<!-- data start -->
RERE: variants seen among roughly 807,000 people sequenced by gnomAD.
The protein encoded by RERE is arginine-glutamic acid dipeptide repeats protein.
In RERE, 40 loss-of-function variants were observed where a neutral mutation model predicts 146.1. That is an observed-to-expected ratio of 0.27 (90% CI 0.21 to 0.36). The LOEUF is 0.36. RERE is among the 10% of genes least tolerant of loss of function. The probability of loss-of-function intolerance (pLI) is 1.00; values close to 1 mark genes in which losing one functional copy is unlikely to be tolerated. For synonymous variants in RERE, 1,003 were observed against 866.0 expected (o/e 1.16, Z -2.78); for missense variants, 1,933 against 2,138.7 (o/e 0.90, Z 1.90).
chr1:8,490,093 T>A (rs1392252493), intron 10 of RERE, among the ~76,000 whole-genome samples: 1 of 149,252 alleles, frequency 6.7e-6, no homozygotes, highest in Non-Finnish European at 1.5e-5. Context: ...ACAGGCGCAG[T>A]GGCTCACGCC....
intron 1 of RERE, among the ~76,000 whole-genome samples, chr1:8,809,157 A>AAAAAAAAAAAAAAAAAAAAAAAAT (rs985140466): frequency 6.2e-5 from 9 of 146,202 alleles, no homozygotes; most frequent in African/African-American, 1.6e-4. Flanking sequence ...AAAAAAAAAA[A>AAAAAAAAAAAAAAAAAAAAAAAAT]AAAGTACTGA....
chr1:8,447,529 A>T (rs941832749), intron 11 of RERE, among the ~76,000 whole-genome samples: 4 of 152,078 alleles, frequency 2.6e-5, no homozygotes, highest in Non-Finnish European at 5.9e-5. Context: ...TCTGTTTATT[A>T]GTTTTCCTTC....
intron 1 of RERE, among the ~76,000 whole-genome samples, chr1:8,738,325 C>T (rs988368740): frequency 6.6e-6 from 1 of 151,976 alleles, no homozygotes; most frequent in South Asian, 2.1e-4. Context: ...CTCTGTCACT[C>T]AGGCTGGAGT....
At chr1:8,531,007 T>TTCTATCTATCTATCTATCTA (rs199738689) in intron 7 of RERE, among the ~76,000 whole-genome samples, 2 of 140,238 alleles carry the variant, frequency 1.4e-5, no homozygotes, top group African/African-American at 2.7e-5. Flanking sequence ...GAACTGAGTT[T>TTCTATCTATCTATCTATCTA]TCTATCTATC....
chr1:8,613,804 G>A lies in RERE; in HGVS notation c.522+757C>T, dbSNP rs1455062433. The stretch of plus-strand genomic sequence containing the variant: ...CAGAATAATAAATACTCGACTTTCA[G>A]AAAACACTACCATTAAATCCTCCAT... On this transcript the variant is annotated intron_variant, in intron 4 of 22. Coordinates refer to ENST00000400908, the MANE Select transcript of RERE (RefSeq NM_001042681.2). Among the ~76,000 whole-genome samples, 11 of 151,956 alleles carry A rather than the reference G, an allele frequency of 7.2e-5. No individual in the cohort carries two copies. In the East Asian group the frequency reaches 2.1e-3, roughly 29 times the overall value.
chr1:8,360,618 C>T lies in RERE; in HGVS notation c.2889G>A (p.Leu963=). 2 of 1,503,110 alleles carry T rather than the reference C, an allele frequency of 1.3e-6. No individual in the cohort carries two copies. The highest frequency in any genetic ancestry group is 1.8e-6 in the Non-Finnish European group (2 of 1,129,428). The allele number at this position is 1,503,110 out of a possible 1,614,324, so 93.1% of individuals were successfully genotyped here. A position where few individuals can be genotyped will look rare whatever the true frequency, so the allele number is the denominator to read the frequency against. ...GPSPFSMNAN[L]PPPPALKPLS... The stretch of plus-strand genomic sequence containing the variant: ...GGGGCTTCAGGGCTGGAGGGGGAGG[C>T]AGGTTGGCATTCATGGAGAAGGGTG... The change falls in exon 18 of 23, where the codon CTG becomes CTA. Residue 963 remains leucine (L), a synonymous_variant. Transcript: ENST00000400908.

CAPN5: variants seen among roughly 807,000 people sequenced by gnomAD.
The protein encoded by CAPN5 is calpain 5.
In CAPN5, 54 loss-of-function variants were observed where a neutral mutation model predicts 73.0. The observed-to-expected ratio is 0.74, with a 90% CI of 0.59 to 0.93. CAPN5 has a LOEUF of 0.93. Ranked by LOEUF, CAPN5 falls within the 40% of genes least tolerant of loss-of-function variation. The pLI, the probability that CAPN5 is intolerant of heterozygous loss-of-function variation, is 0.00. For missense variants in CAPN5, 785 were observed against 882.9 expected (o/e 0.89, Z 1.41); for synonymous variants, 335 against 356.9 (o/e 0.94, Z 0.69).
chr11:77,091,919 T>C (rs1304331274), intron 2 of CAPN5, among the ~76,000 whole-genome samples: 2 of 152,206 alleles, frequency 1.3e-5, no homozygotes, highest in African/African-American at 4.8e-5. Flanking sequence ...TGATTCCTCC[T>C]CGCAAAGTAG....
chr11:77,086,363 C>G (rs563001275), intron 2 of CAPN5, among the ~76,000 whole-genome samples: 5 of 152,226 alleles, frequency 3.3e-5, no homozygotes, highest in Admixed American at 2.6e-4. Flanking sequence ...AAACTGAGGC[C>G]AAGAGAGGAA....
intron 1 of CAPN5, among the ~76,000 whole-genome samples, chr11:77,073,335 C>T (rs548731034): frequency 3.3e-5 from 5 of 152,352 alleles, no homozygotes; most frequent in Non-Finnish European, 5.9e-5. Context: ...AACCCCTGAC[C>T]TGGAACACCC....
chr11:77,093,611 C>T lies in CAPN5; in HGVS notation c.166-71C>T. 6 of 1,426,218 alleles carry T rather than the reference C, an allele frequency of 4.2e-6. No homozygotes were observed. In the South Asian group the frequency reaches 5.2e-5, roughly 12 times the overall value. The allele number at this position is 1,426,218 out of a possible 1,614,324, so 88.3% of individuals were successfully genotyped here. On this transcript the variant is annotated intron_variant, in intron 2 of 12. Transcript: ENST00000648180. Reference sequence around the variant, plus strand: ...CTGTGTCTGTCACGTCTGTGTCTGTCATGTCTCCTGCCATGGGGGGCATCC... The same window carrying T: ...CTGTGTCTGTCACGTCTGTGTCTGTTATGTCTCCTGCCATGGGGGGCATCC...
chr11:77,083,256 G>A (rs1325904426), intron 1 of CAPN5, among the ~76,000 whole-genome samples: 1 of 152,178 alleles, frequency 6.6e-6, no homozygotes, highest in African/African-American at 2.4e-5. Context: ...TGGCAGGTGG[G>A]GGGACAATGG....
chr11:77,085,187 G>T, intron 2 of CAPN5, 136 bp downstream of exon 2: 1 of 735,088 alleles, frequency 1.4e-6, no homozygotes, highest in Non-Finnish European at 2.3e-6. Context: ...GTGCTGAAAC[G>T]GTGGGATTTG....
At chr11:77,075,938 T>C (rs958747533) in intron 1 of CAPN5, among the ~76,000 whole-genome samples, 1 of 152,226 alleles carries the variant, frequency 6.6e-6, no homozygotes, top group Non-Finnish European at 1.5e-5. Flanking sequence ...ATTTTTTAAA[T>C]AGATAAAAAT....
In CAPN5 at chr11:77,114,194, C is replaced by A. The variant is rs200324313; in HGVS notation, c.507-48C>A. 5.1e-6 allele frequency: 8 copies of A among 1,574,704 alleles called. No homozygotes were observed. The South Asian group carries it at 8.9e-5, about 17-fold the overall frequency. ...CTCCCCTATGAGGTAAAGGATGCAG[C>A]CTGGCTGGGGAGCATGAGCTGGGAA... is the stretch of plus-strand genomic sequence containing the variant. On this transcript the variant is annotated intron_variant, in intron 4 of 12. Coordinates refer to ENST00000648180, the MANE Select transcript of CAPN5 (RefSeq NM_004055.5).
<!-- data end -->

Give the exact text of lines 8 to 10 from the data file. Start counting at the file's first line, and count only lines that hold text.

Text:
At chr1:8,531,007 T>TTCTATCTATCTATCTATCTA (rs199738689) in intron 7 of RERE, among the ~76,000 whole-genome samples, 2 of 140,238 alleles carry the variant, frequency 1.4e-5, no homozygotes, top group African/African-American at 2.7e-5. Flanking sequence ...GAACTGAGTT[T>TTCTATCTATCTATCTATCTA]TCTATCTATC....
chr1:8,613,804 G>A lies in RERE; in HGVS notation c.522+757C>T, dbSNP rs1455062433. The stretch of plus-strand genomic sequence containing the variant: ...CAGAATAATAAATACTCGACTTTCA[G>A]AAAACACTACCATTAAATCCTCCAT... On this transcript the variant is annotated intron_variant, in intron 4 of 22. Coordinates refer to ENST00000400908, the MANE Select transcript of RERE (RefSeq NM_001042681.2). Among the ~76,000 whole-genome samples, 11 of 151,956 alleles carry A rather than the reference G, an allele frequency of 7.2e-5. No individual in the cohort carries two copies. In the East Asian group the frequency reaches 2.1e-3, roughly 29 times the overall value.
chr1:8,360,618 C>T lies in RERE; in HGVS notation c.2889G>A (p.Leu963=). 2 of 1,503,110 alleles carry T rather than the reference C, an allele frequency of 1.3e-6. No individual in the cohort carries two copies. The highest frequency in any genetic ancestry group is 1.8e-6 in the Non-Finnish European group (2 of 1,129,428). The allele number at this position is 1,503,110 out of a possible 1,614,324, so 93.1% of individuals were successfully genotyped here. A position where few individuals can be genotyped will look rare whatever the true frequency, so the allele number is the denominator to read the frequency against. ...GPSPFSMNAN[L]PPPPALKPLS... The stretch of plus-strand genomic sequence containing the variant: ...GGGGCTTCAGGGCTGGAGGGGGAGG[C>T]AGGTTGGCATTCATGGAGAAGGGTG... The change falls in exon 18 of 23, where the codon CTG becomes CTA. Residue 963 remains leucine (L), a synonymous_variant. Transcript: ENST00000400908.